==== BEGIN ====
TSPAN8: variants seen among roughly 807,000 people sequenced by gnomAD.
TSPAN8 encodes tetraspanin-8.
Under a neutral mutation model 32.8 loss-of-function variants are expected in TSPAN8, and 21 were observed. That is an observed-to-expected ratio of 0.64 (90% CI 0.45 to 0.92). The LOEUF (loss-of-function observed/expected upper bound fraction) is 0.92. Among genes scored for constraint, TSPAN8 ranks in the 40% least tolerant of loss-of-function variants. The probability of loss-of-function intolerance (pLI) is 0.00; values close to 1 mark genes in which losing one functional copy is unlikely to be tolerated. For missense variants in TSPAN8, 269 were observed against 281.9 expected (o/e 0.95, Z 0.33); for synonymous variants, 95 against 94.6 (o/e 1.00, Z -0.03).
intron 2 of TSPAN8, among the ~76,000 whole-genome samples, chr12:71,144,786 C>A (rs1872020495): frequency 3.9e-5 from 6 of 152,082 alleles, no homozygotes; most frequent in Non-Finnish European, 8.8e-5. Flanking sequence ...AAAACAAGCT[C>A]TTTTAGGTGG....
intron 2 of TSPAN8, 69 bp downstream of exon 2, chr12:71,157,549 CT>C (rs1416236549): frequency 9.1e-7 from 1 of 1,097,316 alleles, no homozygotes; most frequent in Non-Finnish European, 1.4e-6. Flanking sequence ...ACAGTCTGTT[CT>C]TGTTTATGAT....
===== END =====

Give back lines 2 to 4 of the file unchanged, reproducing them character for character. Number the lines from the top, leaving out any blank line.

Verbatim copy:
TSPAN8 encodes tetraspanin-8.
Under a neutral mutation model 32.8 loss-of-function variants are expected in TSPAN8, and 21 were observed. That is an observed-to-expected ratio of 0.64 (90% CI 0.45 to 0.92). The LOEUF (loss-of-function observed/expected upper bound fraction) is 0.92. Among genes scored for constraint, TSPAN8 ranks in the 40% least tolerant of loss-of-function variants. The probability of loss-of-function intolerance (pLI) is 0.00; values close to 1 mark genes in which losing one functional copy is unlikely to be tolerated. For missense variants in TSPAN8, 269 were observed against 281.9 expected (o/e 0.95, Z 0.33); for synonymous variants, 95 against 94.6 (o/e 1.00, Z -0.03).
intron 2 of TSPAN8, among the ~76,000 whole-genome samples, chr12:71,144,786 C>A (rs1872020495): frequency 3.9e-5 from 6 of 152,082 alleles, no homozygotes; most frequent in Non-Finnish European, 8.8e-5. Flanking sequence ...AAAACAAGCT[C>A]TTTTAGGTGG....